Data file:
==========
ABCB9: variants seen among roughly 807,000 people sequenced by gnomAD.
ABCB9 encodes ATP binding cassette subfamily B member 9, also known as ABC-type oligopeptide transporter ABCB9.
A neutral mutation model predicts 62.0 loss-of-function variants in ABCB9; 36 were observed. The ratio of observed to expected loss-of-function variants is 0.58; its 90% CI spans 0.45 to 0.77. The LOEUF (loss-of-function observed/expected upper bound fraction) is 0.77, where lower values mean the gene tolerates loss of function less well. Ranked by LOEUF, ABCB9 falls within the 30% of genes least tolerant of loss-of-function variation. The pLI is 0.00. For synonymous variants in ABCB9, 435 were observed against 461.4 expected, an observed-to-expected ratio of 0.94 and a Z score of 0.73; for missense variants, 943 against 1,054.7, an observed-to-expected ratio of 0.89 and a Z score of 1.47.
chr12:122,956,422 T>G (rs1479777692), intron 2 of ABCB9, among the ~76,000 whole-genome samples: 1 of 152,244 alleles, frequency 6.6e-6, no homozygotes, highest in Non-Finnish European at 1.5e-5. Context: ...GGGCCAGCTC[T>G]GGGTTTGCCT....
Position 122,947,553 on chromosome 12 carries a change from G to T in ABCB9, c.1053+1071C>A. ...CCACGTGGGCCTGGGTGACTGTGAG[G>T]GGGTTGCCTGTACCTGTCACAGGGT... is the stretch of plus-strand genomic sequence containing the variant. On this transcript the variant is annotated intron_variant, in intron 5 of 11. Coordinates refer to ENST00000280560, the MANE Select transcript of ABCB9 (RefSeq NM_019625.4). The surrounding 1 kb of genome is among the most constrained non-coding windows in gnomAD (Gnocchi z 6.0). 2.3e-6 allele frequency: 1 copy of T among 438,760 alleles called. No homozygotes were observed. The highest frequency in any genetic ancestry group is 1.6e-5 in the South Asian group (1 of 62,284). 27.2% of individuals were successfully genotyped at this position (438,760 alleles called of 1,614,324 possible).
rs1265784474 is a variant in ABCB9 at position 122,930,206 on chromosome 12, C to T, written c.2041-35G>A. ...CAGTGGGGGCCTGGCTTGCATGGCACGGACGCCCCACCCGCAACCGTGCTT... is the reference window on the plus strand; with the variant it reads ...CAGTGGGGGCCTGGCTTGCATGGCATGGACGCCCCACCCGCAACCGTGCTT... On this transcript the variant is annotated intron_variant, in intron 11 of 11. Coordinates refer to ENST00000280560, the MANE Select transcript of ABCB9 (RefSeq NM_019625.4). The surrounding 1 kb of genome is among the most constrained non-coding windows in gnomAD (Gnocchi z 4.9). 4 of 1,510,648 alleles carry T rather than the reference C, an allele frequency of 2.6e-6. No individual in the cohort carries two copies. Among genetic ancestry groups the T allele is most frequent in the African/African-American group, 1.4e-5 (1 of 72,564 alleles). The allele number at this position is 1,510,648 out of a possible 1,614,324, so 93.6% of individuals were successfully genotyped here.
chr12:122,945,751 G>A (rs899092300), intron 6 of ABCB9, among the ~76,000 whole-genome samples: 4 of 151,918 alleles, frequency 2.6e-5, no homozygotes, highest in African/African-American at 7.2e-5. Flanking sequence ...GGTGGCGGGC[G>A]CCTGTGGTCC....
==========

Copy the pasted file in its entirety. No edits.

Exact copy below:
ABCB9: variants seen among roughly 807,000 people sequenced by gnomAD.
ABCB9 encodes ATP binding cassette subfamily B member 9, also known as ABC-type oligopeptide transporter ABCB9.
A neutral mutation model predicts 62.0 loss-of-function variants in ABCB9; 36 were observed. The ratio of observed to expected loss-of-function variants is 0.58; its 90% CI spans 0.45 to 0.77. The LOEUF (loss-of-function observed/expected upper bound fraction) is 0.77, where lower values mean the gene tolerates loss of function less well. Ranked by LOEUF, ABCB9 falls within the 30% of genes least tolerant of loss-of-function variation. The pLI is 0.00. For synonymous variants in ABCB9, 435 were observed against 461.4 expected, an observed-to-expected ratio of 0.94 and a Z score of 0.73; for missense variants, 943 against 1,054.7, an observed-to-expected ratio of 0.89 and a Z score of 1.47.
chr12:122,956,422 T>G (rs1479777692), intron 2 of ABCB9, among the ~76,000 whole-genome samples: 1 of 152,244 alleles, frequency 6.6e-6, no homozygotes, highest in Non-Finnish European at 1.5e-5. Context: ...GGGCCAGCTC[T>G]GGGTTTGCCT....
Position 122,947,553 on chromosome 12 carries a change from G to T in ABCB9, c.1053+1071C>A. ...CCACGTGGGCCTGGGTGACTGTGAG[G>T]GGGTTGCCTGTACCTGTCACAGGGT... is the stretch of plus-strand genomic sequence containing the variant. On this transcript the variant is annotated intron_variant, in intron 5 of 11. Coordinates refer to ENST00000280560, the MANE Select transcript of ABCB9 (RefSeq NM_019625.4). The surrounding 1 kb of genome is among the most constrained non-coding windows in gnomAD (Gnocchi z 6.0). 2.3e-6 allele frequency: 1 copy of T among 438,760 alleles called. No homozygotes were observed. The highest frequency in any genetic ancestry group is 1.6e-5 in the South Asian group (1 of 62,284). 27.2% of individuals were successfully genotyped at this position (438,760 alleles called of 1,614,324 possible).
rs1265784474 is a variant in ABCB9 at position 122,930,206 on chromosome 12, C to T, written c.2041-35G>A. ...CAGTGGGGGCCTGGCTTGCATGGCACGGACGCCCCACCCGCAACCGTGCTT... is the reference window on the plus strand; with the variant it reads ...CAGTGGGGGCCTGGCTTGCATGGCATGGACGCCCCACCCGCAACCGTGCTT... On this transcript the variant is annotated intron_variant, in intron 11 of 11. Coordinates refer to ENST00000280560, the MANE Select transcript of ABCB9 (RefSeq NM_019625.4). The surrounding 1 kb of genome is among the most constrained non-coding windows in gnomAD (Gnocchi z 4.9). 4 of 1,510,648 alleles carry T rather than the reference C, an allele frequency of 2.6e-6. No individual in the cohort carries two copies. Among genetic ancestry groups the T allele is most frequent in the African/African-American group, 1.4e-5 (1 of 72,564 alleles). The allele number at this position is 1,510,648 out of a possible 1,614,324, so 93.6% of individuals were successfully genotyped here.
chr12:122,945,751 G>A (rs899092300), intron 6 of ABCB9, among the ~76,000 whole-genome samples: 4 of 151,918 alleles, frequency 2.6e-5, no homozygotes, highest in African/African-American at 7.2e-5. Flanking sequence ...GGTGGCGGGC[G>A]CCTGTGGTCC....